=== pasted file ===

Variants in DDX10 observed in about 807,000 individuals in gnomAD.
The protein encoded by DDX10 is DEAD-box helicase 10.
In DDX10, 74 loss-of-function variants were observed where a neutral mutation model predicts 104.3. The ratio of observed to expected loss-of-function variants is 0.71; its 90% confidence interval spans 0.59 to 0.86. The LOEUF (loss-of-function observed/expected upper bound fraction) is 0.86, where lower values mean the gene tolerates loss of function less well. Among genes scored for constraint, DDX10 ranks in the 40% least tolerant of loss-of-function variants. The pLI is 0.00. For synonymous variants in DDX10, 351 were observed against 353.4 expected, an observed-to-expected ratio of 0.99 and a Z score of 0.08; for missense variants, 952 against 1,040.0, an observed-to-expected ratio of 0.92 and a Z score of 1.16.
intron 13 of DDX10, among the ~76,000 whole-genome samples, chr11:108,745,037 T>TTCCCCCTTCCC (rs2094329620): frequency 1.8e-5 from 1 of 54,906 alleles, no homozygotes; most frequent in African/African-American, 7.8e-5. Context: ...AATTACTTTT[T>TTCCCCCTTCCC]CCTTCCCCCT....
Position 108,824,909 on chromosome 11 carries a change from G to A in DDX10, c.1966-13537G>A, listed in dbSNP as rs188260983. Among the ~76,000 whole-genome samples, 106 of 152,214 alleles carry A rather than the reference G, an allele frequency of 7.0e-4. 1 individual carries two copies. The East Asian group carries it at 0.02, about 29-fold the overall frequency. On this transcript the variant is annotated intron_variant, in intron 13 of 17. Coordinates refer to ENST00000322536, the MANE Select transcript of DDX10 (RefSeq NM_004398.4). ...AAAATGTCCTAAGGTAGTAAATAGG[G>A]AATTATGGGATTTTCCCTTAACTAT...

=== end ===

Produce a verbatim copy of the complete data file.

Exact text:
Variants in DDX10 observed in about 807,000 individuals in gnomAD.
The protein encoded by DDX10 is DEAD-box helicase 10.
In DDX10, 74 loss-of-function variants were observed where a neutral mutation model predicts 104.3. The ratio of observed to expected loss-of-function variants is 0.71; its 90% confidence interval spans 0.59 to 0.86. The LOEUF (loss-of-function observed/expected upper bound fraction) is 0.86, where lower values mean the gene tolerates loss of function less well. Among genes scored for constraint, DDX10 ranks in the 40% least tolerant of loss-of-function variants. The pLI is 0.00. For synonymous variants in DDX10, 351 were observed against 353.4 expected, an observed-to-expected ratio of 0.99 and a Z score of 0.08; for missense variants, 952 against 1,040.0, an observed-to-expected ratio of 0.92 and a Z score of 1.16.
intron 13 of DDX10, among the ~76,000 whole-genome samples, chr11:108,745,037 T>TTCCCCCTTCCC (rs2094329620): frequency 1.8e-5 from 1 of 54,906 alleles, no homozygotes; most frequent in African/African-American, 7.8e-5. Context: ...AATTACTTTT[T>TTCCCCCTTCCC]CCTTCCCCCT....
Position 108,824,909 on chromosome 11 carries a change from G to A in DDX10, c.1966-13537G>A, listed in dbSNP as rs188260983. Among the ~76,000 whole-genome samples, 106 of 152,214 alleles carry A rather than the reference G, an allele frequency of 7.0e-4. 1 individual carries two copies. The East Asian group carries it at 0.02, about 29-fold the overall frequency. On this transcript the variant is annotated intron_variant, in intron 13 of 17. Coordinates refer to ENST00000322536, the MANE Select transcript of DDX10 (RefSeq NM_004398.4). ...AAAATGTCCTAAGGTAGTAAATAGG[G>A]AATTATGGGATTTTCCCTTAACTAT...